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State v. Gorthy

Superior Court of New Jersey, Appellate Division

September 9, 2014

STATE OF NEW JERSEY, Plaintiff-Respondent,
JUNE GORTHY a/k/a JUNE GOVERNALE, Defendant-Appellant

Submitted March 18, 2014

Approved for Publication September 9, 2014.

On appeal from the Superior Court of New Jersey, Law Division, Ocean County, Indictment No. 06-11-2612. December 5, 2011, Submitted; October 9, 2012, Decided; September 20, 2013, Remanded by Supreme Court.

Joseph E. Krakora, Public Defender, attorney for appellant ( Michele Adubato, Designated Counsel, on the briefs).

Christopher J. Gramiccioni, Acting Monmouth County Prosecutor, attorney for respondent ( Patricia B. Quelch, Special Deputy Attorney General/Acting Assistant Prosecutor, and Mary R. Juliano, Special Deputy Attorney General/Acting Assistant Prosecutor, of counsel and on the briefs).

Before Judges ALVAREZ, OSTRER and CARROLL. The opinion of the court was delivered by ALVAREZ, J.A.D.


Page 608

[437 N.J.Super. 341] ALVAREZ, J.A.D.

A jury found defendant June Gorthy, also known as June Governale, not guilty by reason of insanity, N.J.S.A. 2C:4-1, on a charge of fourth-degree stalking, N.J.S.A. 2C:12-10(b).[1] Before the trial commenced, the trial judge found her competent to stand trial while unable to " voluntarily, intelligently, and knowingly waive" the insanity defense as to the stalking count. Defendant was sentenced to commitment in a mental health facility for a term not to exceed eighteen months.

After defendant's trial, but prior to our decision on her appeal, we decided State v. Handy, 421 N.J.Super. 559, 25 A.3d 1140 [437 N.J.Super. 342] (App.Div. 2011). In Handy, we concluded that a defendant found competent to stand trial, but not able to knowingly, intelligently, and voluntarily waive the insanity defense to a crime, should not be compelled to accept an acquittal by reason of insanity unless his or her substantive defenses are addressed first. See id. at 565, 25 A.3d 1140. Only if the jury rejected a defendant's substantive defenses would defendant then present the insanity defense. Handy, supra, 421 N.J.Super. at 612-13, 25 A.3d 1140. Consistent with our decision in Handy, we remanded to the trial court, to afford defendant the opportunity for a new trial on the stalking charge -- if she were again found competent to stand trial and if she opted to waive double jeopardy. That new trial would follow the bifurcated order described in our decision in Handy -- an initial trial at which defendant would present substantive defense theories, and if convicted, a second trial at which she would present only the insanity defense.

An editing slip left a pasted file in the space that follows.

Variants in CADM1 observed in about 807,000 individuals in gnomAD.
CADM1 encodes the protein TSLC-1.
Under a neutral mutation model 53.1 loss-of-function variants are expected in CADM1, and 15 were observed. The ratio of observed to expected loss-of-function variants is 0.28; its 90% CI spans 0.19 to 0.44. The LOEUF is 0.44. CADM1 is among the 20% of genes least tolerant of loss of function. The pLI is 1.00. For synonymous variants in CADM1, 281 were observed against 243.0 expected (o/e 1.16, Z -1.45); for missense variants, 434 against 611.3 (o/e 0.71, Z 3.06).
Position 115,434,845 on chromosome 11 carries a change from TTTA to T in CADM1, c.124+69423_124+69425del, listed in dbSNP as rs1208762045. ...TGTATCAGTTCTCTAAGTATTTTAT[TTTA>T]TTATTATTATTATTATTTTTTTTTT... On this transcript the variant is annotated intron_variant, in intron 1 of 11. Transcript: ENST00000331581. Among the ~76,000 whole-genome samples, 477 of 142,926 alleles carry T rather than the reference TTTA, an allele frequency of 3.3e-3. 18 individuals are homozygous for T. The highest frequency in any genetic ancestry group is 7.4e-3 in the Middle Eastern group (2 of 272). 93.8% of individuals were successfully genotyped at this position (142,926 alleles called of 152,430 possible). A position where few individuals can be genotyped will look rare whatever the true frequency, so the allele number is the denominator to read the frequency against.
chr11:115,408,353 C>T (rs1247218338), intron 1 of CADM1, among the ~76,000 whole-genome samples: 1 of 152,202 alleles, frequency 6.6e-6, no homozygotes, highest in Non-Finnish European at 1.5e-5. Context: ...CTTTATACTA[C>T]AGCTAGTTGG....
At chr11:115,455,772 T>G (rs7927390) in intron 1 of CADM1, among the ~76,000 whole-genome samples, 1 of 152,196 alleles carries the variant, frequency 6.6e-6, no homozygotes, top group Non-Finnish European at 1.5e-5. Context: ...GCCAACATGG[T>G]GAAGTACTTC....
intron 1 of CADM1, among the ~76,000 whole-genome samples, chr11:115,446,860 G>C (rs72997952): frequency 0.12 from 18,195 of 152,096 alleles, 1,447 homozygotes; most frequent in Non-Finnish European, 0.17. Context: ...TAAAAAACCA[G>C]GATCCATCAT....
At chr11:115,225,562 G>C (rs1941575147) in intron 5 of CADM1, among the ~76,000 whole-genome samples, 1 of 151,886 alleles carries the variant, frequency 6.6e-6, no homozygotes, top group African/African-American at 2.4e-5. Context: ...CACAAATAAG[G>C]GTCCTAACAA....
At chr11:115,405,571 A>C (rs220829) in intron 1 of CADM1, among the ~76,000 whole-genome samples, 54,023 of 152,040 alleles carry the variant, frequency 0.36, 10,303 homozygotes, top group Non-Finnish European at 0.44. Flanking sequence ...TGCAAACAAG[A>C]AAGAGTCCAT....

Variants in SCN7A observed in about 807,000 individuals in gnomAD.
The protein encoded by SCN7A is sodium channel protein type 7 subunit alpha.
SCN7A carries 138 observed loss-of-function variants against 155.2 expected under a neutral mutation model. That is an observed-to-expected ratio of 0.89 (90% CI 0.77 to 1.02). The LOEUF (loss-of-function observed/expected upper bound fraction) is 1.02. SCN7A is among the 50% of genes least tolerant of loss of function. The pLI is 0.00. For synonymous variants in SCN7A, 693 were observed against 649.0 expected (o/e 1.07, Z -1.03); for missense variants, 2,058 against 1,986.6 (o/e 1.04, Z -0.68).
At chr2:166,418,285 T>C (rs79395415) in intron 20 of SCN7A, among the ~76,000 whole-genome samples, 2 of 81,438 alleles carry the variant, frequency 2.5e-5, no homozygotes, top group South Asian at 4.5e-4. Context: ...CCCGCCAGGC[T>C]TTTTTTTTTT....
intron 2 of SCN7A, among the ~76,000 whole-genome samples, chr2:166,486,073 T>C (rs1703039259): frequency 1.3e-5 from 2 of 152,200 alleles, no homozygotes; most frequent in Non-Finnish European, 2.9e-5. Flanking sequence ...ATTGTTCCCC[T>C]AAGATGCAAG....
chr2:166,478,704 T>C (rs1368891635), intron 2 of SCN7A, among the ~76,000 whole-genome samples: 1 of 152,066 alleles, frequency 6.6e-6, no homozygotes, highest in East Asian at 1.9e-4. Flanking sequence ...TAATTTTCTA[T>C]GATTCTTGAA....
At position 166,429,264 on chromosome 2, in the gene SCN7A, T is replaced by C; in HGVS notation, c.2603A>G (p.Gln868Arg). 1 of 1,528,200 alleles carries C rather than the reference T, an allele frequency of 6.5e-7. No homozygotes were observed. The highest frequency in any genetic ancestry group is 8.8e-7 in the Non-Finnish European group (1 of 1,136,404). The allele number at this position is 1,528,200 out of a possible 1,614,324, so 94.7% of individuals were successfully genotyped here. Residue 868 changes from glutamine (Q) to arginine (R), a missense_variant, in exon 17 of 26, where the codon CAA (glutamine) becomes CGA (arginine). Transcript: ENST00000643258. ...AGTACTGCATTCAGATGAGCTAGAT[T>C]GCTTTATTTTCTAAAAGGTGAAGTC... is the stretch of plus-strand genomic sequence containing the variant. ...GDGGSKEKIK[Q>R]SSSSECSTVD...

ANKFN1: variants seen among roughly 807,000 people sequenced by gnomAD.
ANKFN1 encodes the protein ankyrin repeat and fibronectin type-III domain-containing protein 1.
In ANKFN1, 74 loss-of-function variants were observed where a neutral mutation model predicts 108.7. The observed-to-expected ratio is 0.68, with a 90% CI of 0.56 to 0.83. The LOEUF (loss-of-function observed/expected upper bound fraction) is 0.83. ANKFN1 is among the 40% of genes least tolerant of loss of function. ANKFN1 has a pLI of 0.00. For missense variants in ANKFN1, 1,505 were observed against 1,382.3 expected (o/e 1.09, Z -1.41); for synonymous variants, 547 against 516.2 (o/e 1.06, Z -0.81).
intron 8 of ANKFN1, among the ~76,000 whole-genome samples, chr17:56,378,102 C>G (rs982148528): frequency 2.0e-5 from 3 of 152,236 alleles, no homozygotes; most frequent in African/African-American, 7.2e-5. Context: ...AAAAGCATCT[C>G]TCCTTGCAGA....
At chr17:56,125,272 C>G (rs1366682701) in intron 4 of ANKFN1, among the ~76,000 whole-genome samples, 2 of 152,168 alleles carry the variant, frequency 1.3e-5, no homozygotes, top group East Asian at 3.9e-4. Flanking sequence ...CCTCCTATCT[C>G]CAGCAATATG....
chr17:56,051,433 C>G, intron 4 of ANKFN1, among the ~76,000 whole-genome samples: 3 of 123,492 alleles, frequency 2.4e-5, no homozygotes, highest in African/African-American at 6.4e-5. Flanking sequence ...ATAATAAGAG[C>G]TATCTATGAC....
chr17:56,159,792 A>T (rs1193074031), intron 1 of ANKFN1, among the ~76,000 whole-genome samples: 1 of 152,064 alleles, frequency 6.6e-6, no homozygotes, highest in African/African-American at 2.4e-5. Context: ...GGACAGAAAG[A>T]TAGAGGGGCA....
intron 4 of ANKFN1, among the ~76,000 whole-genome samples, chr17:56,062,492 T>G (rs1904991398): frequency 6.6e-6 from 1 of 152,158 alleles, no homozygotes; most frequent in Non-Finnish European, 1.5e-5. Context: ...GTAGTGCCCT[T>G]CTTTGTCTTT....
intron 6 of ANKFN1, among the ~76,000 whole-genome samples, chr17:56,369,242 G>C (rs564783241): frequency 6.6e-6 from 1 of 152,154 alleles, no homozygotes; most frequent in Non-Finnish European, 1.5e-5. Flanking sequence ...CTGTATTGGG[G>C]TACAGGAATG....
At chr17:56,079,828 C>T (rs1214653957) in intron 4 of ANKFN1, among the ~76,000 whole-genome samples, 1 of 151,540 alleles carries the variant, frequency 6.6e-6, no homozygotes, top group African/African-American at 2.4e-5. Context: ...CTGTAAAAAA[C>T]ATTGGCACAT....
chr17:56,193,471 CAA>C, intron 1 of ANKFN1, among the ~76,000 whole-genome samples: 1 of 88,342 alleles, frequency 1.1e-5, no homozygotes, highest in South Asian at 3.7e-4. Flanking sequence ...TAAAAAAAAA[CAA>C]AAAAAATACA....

When the State's appeal of our decision reached the Supreme Court, Handy and its predecessor, State v. Khan, 175 N.J.Super. 72, 417 A.2d 585 (App.Div. 1980), were overruled in part, and the bifurcated procedure was disapproved. State v. Handy, 215 N.J. 334, 73 A.3d 421 (2013). Henceforth, " trials involving a substantive defense and the insanity defense [would] be tried in a unitary proceeding." Id. at 364, 73 A.3d 421.

The Court also supplied the analytical solution to the quandary posed by a defendant found competent to stand trial, who

Page 609

wishes to waive the insanity defense altogether when that option appears unwise. As the Court said,

part of the legacy of the Khan decision has been confusion about whether one can be competent to stand trial but incompetent to waive the insanity defense . . . . Part of the confusion arises from the assumption that the question involves not so much the defendant's competence to waive the insanity defense but the wisdom of making that choice.
Id. 73 A.3d 421

The Court went on to observe the decision can be made by applying:

[437 N.J.Super. 343] a procedure akin to that which we utilize in evaluating a competent defendant's effort to waive other significant rights. That is, a thorough and searching inquiry of an otherwise competent defendant concerning his or her understanding of the nature of the right being waived and the implications that flow from that choice . . . the trial court [must] determine whether the decision to waive the insanity defense, particularly in the context of a unified trial proceeding, is indeed knowing, voluntary and intelligent.
Id. 73 A.3d 421

After certification was granted on defendant's appeal, the matter was summarily remanded for reconsideration in light of the Handy decision.

Given the Court's instruction that the waiver of an insanity defense by a competent defendant was to be scrutinized on appellate review as would be any other waiver made by a competent defendant, we now affirm. The Law Division judge's decision that defendant lacked the capacity to make a knowing, intelligent, and voluntary waiver was adequately supported by the record and thus warrants affirmance.

The stalking charge was the culmination of defendant's relocation to New Jersey in 2002 from her home in Colorado, during which she moved her personal belongings, including a number of weapons, in a truck and horse trailer. Defendant came to New Jersey with the hope of encountering a seminar presenter, the victim of the stalking, whom she had met several years earlier. Defendant was eventually charged with the offenses at issue when she left a voicemail on the victim's phone despite a no-contact order.

Defendant's pretrial competency hearings extended over approximately a year. Multiple psychiatric and psychological evaluations were completed, as well as a fitness to proceed assessment under N.J.S.A. 2C:4-5 by the Department of Human Services. On April 25, 2008, the trial judge determined that defendant met the statutory test pursuant to N.J.S.A. 2C:4-4 and N.J.S.A. 2C:4-6 for competence to stand trial.[2]

[437 N.J.Super. 344] On September 18, 2008, a final hearing was conducted after counsel provided the court with an evaluation by defendant's expert, Dr. Kenneth J. Weiss. It was on that date that the judge determined that, while defendant was competent to stand trial, she could not waive the insanity defense. The determination relied heavily on Weiss's report.

On remand, defendant again contends that the trial judge " should have accepted [defendant's] waiver of the insanity

Page 610

defense and proceeded solely on the substantive defenses." The argument is premised on the court's earlier finding that she was competent to stand trial. Defendant argues from that finding that she should therefore " also have been competent to waive the insanity defense." But, a knowing, intelligent, and voluntary waiver requires more than competence as defined by statute.

In the competency hearing, the trial judge heard testimony and reviewed reports regarding defendant's extensive mental health history and diagnoses. It became clear that defendant, despite medication and treatment efforts, persisted in her delusion that the victim wanted to continue a relationship with her. In fact, when the judge addressed defendant directly, she complained to the judge that her attorney was not representing her in the fashion that she wished because counsel would not present the defense that the victim had solicited contact. Defendant also insisted that she and the victim had enjoyed a relationship for years, the victim had asked her to relocate, and that after she did so, on multiple occasions, the victim would attempt to see her in public, " at the post office, at the store," and would jog and ride her bicycle past defendant's house.